Magna Carta Review


Magna_Carta_Holy_Grail_Cover

Can I get a what-what the hell am I listening to? Often heralded as one of rap’s greatest MCs, Jay-Z delivered his twelfth studio album earlier this month. Magna Carta…Holy Grail is a mediocre piece of work that falls short of greatness mostly because of disappointing wordplay. Even the album’s title is a mediocre effort. Maybe it’s just me, but was anyone else upset that Sean CARTER didn’t name this album Magna CARTER? Anyway, hip-hop is notorious for incessant boasting. Whether they’re talking about lavish vacation spots and possessions that most of us will never afford, or just speaking about their own individual greatness, MCs love to tell us how awesome they are. But HOVA is just doing it too much with this one. Most of the songs are forgettable, which is a far cry from his past works. The only track from this album that I would ever look for in a Jay-Z playlist is Nickels and Dimes. The beat and hook are awesome, and lyrically, it’s the MC’s best showing.

Magna Carter—I mean, Magna Carta—is mostly Jay-Z bragging about his luxurious lifestyle and the grandness of his checking account. Jay Z Blue and Part II (On the Run) are the only tracks that exhibit any real humanity. Rather than celebrate the birth of his new daughter, Jay Z Blue took me by surprise as HOVA discussed his fears of fatherhood. It’s a great idea but poorly executed. The beat is weak, the Biggie samples are pointless, and the mediocre lyrics don’t convey the emotion that Jay-Z is trying to show. Part II is a sequel to the smash classic ’03 Bonnie and Clyde and features Jay’s smoke show wife Beyonce. It’s pretty good but fails to produce the same greatness as its predecessor. Other celebrity features include Justin Timberlake in Holy Grail and longtime adversary Nas in BBC. Holy Grail is enjoyable, mostly because of JT’s hook and the awesome Nirvana sample. Jay’s duet with Nas, another one of hip-hop’s all-time greats, should’ve been nothing short of legendary. Instead both MCs fall flat, providing verses that would’ve made their younger selves frown.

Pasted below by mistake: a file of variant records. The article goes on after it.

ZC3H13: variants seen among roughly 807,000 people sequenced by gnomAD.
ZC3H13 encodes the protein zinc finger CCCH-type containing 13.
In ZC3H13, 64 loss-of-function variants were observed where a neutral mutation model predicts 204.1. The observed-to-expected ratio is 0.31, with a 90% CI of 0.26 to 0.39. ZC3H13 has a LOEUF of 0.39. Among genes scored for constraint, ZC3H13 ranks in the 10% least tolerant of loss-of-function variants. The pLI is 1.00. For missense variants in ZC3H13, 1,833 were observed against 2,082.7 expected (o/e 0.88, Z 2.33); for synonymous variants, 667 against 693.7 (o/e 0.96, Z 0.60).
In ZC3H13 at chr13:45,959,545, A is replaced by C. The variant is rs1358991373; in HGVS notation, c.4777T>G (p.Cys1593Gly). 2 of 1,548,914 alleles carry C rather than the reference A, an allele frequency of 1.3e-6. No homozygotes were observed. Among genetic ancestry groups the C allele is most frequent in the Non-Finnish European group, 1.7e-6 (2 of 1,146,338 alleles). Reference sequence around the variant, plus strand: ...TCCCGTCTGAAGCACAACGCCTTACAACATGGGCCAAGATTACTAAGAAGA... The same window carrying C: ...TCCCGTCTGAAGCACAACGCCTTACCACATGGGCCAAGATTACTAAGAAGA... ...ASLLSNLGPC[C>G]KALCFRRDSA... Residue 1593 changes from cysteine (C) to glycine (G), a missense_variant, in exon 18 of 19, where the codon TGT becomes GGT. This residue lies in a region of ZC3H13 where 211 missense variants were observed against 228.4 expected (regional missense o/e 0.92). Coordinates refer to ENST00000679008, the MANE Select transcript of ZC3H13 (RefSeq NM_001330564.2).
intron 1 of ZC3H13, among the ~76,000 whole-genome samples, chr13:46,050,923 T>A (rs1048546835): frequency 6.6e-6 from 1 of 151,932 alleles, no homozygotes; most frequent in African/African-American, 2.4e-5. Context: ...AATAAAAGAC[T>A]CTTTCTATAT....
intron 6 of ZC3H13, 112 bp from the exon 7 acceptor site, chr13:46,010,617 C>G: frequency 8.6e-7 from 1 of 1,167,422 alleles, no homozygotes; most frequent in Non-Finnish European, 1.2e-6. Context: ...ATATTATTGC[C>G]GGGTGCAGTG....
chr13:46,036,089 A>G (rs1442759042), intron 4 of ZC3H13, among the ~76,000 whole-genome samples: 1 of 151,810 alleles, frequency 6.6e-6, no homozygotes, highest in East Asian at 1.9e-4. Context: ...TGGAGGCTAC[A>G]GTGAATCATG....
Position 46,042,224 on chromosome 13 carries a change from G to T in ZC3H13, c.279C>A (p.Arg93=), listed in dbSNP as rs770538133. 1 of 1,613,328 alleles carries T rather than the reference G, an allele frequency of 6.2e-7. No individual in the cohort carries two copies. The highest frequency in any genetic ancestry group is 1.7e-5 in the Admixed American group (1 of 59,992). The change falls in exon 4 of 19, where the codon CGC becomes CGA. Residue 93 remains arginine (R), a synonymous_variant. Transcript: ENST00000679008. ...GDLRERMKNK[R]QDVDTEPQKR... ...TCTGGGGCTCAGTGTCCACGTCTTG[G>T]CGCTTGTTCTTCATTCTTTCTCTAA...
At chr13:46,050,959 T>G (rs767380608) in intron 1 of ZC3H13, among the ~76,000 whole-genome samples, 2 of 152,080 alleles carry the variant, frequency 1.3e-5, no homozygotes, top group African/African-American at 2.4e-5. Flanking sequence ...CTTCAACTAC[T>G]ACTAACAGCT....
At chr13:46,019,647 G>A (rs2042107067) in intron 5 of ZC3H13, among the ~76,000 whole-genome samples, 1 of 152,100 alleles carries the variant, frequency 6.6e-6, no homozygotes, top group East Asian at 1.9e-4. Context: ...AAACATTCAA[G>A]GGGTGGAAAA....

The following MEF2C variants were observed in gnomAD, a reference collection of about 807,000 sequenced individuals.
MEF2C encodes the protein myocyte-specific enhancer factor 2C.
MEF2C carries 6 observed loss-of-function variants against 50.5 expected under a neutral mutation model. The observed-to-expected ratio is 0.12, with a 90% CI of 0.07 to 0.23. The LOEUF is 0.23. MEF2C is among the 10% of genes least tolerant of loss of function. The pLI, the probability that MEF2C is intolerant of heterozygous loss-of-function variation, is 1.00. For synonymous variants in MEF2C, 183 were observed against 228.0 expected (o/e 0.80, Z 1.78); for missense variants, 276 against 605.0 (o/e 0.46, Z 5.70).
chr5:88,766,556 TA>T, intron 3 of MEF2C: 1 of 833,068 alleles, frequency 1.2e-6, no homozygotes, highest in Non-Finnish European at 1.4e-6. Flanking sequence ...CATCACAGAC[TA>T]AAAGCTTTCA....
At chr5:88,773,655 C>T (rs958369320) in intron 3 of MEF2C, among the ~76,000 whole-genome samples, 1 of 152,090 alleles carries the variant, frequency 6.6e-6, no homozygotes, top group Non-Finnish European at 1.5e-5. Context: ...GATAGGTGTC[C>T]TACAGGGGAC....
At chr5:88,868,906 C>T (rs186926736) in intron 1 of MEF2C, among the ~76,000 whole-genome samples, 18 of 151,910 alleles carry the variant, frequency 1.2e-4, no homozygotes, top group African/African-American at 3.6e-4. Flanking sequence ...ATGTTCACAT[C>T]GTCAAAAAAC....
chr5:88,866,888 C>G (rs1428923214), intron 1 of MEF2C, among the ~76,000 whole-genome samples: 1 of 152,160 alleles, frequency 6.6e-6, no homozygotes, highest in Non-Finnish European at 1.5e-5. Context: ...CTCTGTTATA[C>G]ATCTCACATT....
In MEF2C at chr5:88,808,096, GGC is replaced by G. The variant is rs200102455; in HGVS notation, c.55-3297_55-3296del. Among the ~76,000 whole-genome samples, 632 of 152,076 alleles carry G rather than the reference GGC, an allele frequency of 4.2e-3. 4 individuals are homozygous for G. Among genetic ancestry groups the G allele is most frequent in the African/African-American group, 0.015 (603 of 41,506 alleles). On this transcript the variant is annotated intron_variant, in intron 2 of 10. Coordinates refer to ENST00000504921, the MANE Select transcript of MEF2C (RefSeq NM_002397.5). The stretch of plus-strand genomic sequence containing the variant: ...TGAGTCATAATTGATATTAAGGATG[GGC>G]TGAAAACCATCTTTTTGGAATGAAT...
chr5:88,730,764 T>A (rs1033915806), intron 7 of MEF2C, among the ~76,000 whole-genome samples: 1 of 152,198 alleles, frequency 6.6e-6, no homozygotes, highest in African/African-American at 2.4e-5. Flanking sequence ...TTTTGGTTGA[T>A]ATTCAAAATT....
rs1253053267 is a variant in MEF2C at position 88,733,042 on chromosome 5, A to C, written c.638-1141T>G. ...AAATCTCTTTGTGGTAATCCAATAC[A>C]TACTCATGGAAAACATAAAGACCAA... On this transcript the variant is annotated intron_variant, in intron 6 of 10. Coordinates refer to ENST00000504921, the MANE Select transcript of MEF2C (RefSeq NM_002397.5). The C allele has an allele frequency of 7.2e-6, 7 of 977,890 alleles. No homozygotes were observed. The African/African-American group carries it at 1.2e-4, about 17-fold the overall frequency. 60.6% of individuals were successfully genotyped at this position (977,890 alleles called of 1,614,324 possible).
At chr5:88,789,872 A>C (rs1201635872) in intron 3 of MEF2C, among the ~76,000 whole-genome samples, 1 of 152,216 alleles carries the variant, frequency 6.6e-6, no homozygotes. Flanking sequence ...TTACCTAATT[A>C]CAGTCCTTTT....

Jay-Z is famous for walking into the booth, spitting out freestyles, and turning them into hit songs. But with Magna Carta, there’s so much repetition and pauses between lines (like in La Familia or Tom Ford) that it really sounds like the rapper has gotten lazy. It’s not that HOVA has run out of things to say; it’s more that Jay-Z has simply forgotten how best to say them.

Grade: C

Recommended track list: Nickels and Dimes, Holy Grail, Crown, Heaven

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